Legislation and Legalism: The Parable of Arizona Bill 1062

A bill recently came to desk of the Arizona governor to allow business owners to not have to serve certain clientele (namely homosexuals). The bill was vetoed but not without much debate, anger, and hurt. I understand that business people don't want to be forced to do something that goes against their beliefs. And religious beliefs were largely at the core of the bill.

The problem with the bill was that it didn't go far enough. I'll admit that I don't know the specifics of the defeated bill; from what I understand it was largely intended to give retailers and service industry workers the freedom to tell someone that they didn't have to provide them business if doing so would condone something they didn't believe was morally acceptable (largely around the issue of gay marriage and wedding services).

It didn't go far enough because if people are going to be denied service due to one particular sin, they need to do so to people who partake in all sins that go against their moral/religious beliefs. 

Christian business owners who provide wedding services need to not only make sure the couple is heterosexual, but that they haven't fornicated or engaged in any other acts of sexual immorality. They need to make sure neither party has ever gotten drunk, lied, coveted, or taken the Lord's name in vain.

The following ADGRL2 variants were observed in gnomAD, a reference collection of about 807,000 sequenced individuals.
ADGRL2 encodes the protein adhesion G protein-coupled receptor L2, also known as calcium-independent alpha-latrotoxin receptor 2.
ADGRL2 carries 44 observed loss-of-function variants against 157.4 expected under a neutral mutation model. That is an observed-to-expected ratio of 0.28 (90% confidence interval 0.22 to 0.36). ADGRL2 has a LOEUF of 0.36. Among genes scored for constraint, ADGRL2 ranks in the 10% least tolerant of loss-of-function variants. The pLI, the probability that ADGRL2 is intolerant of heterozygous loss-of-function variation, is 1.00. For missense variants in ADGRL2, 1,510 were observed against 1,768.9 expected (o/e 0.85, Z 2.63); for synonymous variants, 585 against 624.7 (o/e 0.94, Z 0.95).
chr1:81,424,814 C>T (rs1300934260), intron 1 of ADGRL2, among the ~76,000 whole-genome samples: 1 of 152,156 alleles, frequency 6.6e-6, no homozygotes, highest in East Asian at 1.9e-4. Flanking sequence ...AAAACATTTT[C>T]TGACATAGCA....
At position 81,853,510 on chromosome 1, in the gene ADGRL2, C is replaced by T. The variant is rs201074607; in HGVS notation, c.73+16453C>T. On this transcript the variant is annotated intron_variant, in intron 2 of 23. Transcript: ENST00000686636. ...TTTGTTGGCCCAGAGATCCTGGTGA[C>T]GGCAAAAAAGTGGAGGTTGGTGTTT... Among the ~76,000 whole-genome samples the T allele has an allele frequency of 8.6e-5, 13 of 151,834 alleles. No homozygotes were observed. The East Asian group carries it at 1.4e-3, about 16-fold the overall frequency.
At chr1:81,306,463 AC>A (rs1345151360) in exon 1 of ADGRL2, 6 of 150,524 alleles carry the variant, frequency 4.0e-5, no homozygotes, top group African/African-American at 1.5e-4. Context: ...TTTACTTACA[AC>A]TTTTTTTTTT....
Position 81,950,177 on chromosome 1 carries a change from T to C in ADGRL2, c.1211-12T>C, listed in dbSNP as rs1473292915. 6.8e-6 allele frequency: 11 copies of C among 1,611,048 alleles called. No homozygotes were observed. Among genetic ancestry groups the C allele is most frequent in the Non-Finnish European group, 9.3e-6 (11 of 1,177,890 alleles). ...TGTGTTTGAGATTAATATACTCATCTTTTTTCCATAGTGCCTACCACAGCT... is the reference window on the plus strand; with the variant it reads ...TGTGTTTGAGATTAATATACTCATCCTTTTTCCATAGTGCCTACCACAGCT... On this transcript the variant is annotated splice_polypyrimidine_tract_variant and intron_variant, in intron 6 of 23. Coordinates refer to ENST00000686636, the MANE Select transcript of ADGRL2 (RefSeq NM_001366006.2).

The Bible also tells us to obey governing authorities, so they should also make sure they've also paid their taxes and never broken any laws (including speeding). They need to make sure they've tithed to their churches (no less than ten percent of their gross income). Prospective customers also should not have worshiped anything other than God. All of their actions toward their neighbors should only have been out of love. 

If we're going to protect ourselves from from condoning sinners, we need to protect ourselves from all sinners.

Including ourselves.